“Whatever’s going on with the layoffs [at major companies] is a side story about the phenomenal continuing growth of tech jobs in companies in [the Bay Area],” Levy said citing a slew of new deals bringing more big tech innovation to the area. Google (NASDAQ:GOOGL) and LinkedIn (NYSE:LNKD) agreed to a property swap allowing the search giant more control over areas in North Bayshore, while the professional networking company will build a corporate campus in Mountain View and Sunnyvale. In addition, many auto manufacturers including Ford (NYSE:F) have announced plans to construct research-and-development facilities in tech-rich Pal Alto.

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“The layoffs are real to the people that are there, but they are not a diminution of economic competitiveness in the region,” Levy explained. “One of the good things about tech is it’s a big and growing pie and the growth can absorb the losses. The individuals get caught in the transitions, but companies are supposed to try and be different.”

Demand for skilled employees in the tech sector is coming, in large part, from firms focused on cybersecurity, big data, cloud computing, mobility, digital and web, according to John Reed, senior executive director for IT staffing services firm Robert Half Technology.

“Companies have realized the power of these specialty areas that can give them a competitive advantage and make them more efficient,” Reed said. “There is lots of investment there. A lot of tech professionals are making transitions out of their roles into these specialty areas because they are pretty strong right now.”

Just Keep Swimming

Michael Peredo is one of those professionals.

He found himself out of a job after an 11-year tenure working in research and development at Mercedes Benz in California.  In his 50s, Peredo decided he wasn’t yet ready to retire from the industry he’d come to love, and was determined to jump back in.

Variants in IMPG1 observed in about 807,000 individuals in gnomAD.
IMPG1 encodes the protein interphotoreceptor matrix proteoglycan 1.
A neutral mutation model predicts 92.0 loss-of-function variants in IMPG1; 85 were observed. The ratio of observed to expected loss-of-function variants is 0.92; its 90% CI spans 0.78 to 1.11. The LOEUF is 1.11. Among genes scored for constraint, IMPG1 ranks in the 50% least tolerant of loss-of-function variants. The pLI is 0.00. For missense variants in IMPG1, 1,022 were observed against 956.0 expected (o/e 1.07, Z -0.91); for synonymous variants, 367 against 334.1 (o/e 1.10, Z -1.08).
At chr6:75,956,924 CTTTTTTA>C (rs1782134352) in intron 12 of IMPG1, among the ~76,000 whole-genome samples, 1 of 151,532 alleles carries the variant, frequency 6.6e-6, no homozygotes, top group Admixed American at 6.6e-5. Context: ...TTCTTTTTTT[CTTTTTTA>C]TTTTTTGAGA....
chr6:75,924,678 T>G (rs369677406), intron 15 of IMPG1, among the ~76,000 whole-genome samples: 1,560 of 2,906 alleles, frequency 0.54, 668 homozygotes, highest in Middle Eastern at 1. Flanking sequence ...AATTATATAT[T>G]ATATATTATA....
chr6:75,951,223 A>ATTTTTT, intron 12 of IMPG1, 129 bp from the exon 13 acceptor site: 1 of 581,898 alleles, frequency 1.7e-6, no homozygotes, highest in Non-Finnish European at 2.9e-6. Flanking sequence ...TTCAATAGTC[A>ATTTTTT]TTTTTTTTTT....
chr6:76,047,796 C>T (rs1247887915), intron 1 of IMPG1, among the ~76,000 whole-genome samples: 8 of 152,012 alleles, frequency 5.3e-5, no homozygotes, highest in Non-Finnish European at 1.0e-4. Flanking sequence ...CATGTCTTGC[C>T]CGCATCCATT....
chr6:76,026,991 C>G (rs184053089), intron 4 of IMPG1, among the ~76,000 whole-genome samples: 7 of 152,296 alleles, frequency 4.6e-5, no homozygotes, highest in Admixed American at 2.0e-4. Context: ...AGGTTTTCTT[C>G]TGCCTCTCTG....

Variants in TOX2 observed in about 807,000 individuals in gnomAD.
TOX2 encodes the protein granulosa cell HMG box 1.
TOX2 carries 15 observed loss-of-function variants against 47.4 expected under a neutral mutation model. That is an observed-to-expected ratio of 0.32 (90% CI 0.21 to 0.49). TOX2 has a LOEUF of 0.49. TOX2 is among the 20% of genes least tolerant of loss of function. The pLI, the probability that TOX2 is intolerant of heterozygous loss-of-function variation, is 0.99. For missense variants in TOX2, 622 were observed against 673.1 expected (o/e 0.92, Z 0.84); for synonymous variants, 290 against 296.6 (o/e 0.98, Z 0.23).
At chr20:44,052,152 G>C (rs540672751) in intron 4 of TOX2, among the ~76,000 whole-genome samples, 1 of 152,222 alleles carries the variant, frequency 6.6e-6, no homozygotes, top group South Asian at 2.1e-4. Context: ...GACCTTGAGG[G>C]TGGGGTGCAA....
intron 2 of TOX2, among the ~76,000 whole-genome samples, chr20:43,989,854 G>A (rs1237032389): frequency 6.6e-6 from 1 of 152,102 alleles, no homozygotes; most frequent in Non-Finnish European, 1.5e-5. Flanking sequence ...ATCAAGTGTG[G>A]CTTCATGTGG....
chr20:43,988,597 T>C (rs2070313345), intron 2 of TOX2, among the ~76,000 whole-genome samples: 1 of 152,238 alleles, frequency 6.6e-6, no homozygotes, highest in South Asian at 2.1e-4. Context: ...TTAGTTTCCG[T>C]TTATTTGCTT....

“It seems like the whole professional world changed,” he said. “I got my job at Mercedes with a seven-page resume…having a very technical background means I have a lot of arcane stuff on my resume and getting that across is so difficult.”

Both Peredo and Koinova sought guidance at a professional networking resource called ProMatch, housed within NOVA workforce development, a federally-funded nonprofit employment and training agency in Sunnyvale, Calif. There, both individuals were able to learn how to build LinkedIn profiles, determine which skills were best suited to a “new tech” industry, and network with current and former ProMatch participants and counselors. But perhaps most importantly, Peredo and Kanova were able to connect with industry professionals who could help their resumes land in front of hiring managers within companies they wanted to work.

As Koinova networked, she discovered the key to finding a new job required a lot of flexibility – both in terms of her future job title and how she would market her skills to her future employer.

“The language has changed, the jobs have changed. But those who want in and are able to keep up – and there are a lot of us – are doing just fine.”

- Michael Peredo, developer at Velodyne LiDAR